But this flourishing condition of the navy did not last long. In consequence of the dissipation of the king, and his pecuniary difficulties, he neglected the navy on account of the expenses ; the duke was sent abroad, and Pepys to the Tower. À new set of commissioners was appointed, without experience, ability, or industry ; and the consequence was, as stated by the commissioners of revision, that "all the wise regulations formed daring the administration of the duke of York were neglected ; and such supineness and waste appear to have prevailed that, at the end of not more than five years, when he was recalled to the office of lord high admiral, only 22 ships, none larger than a fourth rate, with two fire-ships, were at sea ; those in harbour were quite unfit for service ; even the 30 new ships which he had left building had been suffered to fall into a state of great decay, and hardly any stores were found to remain in the dockyards."
The first act on the duke's return was the reappointment of Pepys as secretary of the Admiralty. In 1686, ñnding the principal officers unequal to the duties required of them, he appointed a special commission to restore the navy to its former strength and condition. Sir Anthony Deane, the most experienced of the shipbuilders then in England, was joined with the commissioners. He is said to have introduced important improvements in ships of the line, his model being the " Superbe," a French ship of 74 guns, from which he built the "Harwich" in 1664. Others, however, are of opinion that no advance was made on the model of the " Sovereign of the Seas * after she was cut down. The commissioners undertook, in three years, to complete the repair of the fleet, and furnish the dockyards with a proper supply of stores, on an estimate of £400,000 a year, to be issued in weekly payments ; and in two years and a half they finished their task to the satisfaction of the king and the whole nation, 108 sail of the line being repaired and under repair, besides smaller vessels. At the time of the king's abdication, the list of the navy amounted to 173 sail, of 101,892 tons, carrying 6930 guns and 42,000 seamen.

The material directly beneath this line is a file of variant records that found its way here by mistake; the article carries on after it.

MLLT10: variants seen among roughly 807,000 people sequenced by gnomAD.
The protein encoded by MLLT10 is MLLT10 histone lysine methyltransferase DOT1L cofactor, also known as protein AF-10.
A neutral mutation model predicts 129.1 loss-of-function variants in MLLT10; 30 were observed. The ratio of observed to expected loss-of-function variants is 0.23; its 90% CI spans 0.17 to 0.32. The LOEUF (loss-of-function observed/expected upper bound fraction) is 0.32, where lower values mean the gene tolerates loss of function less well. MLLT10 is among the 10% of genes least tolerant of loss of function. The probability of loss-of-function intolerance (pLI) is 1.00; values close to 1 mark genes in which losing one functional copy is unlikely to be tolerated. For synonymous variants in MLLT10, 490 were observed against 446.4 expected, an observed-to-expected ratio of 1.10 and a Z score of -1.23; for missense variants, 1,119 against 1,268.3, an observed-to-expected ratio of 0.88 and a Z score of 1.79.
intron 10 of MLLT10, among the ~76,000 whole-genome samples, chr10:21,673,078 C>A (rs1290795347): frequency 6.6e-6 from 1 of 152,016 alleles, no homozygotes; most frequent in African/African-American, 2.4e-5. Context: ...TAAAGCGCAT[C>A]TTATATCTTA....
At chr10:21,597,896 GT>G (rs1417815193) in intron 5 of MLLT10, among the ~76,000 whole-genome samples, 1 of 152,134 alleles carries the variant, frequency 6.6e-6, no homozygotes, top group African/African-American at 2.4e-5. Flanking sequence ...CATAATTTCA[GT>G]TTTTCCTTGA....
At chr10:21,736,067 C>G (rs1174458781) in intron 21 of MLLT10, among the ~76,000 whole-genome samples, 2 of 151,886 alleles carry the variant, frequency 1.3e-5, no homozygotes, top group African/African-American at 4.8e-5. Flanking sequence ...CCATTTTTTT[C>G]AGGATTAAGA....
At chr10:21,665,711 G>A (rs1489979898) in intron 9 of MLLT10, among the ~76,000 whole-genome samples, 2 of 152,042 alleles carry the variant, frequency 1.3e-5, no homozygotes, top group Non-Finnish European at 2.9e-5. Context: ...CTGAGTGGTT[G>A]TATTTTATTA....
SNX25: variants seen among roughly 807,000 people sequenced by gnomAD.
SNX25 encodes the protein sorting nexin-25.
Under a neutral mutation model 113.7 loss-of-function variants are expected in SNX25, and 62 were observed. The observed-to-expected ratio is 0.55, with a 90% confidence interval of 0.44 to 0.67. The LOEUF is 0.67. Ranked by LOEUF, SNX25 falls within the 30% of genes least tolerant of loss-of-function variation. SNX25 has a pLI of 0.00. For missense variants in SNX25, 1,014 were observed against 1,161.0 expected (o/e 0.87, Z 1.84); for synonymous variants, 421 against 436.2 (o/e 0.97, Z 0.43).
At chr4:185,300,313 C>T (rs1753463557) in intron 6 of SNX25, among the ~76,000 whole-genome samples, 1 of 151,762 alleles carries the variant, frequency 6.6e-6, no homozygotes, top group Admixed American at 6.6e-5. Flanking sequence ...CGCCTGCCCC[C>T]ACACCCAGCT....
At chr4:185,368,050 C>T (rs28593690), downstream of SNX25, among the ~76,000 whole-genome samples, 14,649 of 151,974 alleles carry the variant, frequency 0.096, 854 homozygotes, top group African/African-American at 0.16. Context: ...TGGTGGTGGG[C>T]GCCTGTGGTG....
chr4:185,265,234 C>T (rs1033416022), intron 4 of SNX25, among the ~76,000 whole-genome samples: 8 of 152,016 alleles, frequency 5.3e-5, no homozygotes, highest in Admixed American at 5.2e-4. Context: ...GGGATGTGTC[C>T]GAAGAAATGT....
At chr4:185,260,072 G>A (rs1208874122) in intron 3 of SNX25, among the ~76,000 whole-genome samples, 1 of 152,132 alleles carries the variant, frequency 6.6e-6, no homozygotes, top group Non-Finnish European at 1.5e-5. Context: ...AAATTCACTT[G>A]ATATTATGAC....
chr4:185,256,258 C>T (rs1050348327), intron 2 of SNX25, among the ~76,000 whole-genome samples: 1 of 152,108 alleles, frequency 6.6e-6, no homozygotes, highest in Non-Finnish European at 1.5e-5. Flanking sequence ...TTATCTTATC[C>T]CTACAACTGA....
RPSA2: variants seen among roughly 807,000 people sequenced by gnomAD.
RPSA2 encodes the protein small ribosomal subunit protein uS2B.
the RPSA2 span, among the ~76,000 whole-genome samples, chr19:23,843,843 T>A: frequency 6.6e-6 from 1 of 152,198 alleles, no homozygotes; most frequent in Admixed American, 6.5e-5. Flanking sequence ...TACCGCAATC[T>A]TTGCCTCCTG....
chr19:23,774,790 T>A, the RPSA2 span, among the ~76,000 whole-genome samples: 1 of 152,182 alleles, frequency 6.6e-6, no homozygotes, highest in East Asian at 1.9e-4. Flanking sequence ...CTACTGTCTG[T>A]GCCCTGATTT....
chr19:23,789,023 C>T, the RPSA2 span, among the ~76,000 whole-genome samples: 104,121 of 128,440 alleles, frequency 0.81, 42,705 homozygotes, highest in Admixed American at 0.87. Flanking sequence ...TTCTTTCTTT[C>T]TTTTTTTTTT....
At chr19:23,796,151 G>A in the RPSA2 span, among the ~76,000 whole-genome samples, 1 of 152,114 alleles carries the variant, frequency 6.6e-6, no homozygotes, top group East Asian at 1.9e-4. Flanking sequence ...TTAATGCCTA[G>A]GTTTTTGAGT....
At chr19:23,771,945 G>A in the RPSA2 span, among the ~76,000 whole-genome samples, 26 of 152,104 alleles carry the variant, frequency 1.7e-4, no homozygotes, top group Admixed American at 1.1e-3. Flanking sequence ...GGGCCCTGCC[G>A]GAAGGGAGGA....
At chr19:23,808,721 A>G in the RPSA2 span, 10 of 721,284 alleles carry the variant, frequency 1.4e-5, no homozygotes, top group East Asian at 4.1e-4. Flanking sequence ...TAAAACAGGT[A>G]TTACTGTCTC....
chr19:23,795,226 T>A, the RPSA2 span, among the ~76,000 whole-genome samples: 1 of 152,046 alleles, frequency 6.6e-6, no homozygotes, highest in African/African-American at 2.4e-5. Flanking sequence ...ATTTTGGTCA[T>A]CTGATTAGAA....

The naval regulations were wisely left unaltered at the Revolution, and the business of the Admiralty continued to be carried on for a short time, under the immediate direction of King William, by Pepys, till the arrival of Admiral Herbert and Captain Russell from the fleet, into whose hands, he says, " he silently let it fall" Upon the general principles of that system, thus established with his aid by the duke of York, the civil government of the British navy has been carried on ever since. Up to this time merchantmen, hired and armed, but commanded by officers of the navy, formed more or less a part of every fleet sent ont. Now, however, the navy became Independent for fighting purposes, while the development of commerce and colonial trade made the establishment of a system, of convoy» and cruisers an absolute necessity.
In the second year of William III. (1690), no less than 27 ships were ordered to be built, of 60 and 80 guns each; and in 1697 the king, in his speech to parliament, stated that the naval force of the kingdom was increased to nearly double what he found it at his accession. It was now partly composed of various classes of French ships which had been captured in the course of tho war, amounting in number to more than 60, and in guns to 2300,-the losses by storms and captures being about half the tonnage and half the guns acquired. At the commencement of William's reign, the navy, as already stated, consisted of 173 ships, measuring 101,892 tons ; at his death it had been extended to 272 ships, measuring 159,020 tons, being an increase of more than one-half both in number and in tonnage. The ships of the line numbered then 130, and this continued to be the average number till the middle of the 18th century.
The accession of Queen Anne was immediately followed by a war with France and Spain, and in the second year of her reign she had the misfortune to lose no less than 13 of her ships by one of the most tremendous storms that was ever known ; but every energy was used to repair this national calamity. In the course of this war there were taken or destroyed about 50 ships of war, mounting 3000 cannon ; and about half that number were lost. At the death of the queen, in 1714, the list of the navy was reduced in number to 247 ships, measuring 167,219 tons, being an increase in tonnage of 8199 tons.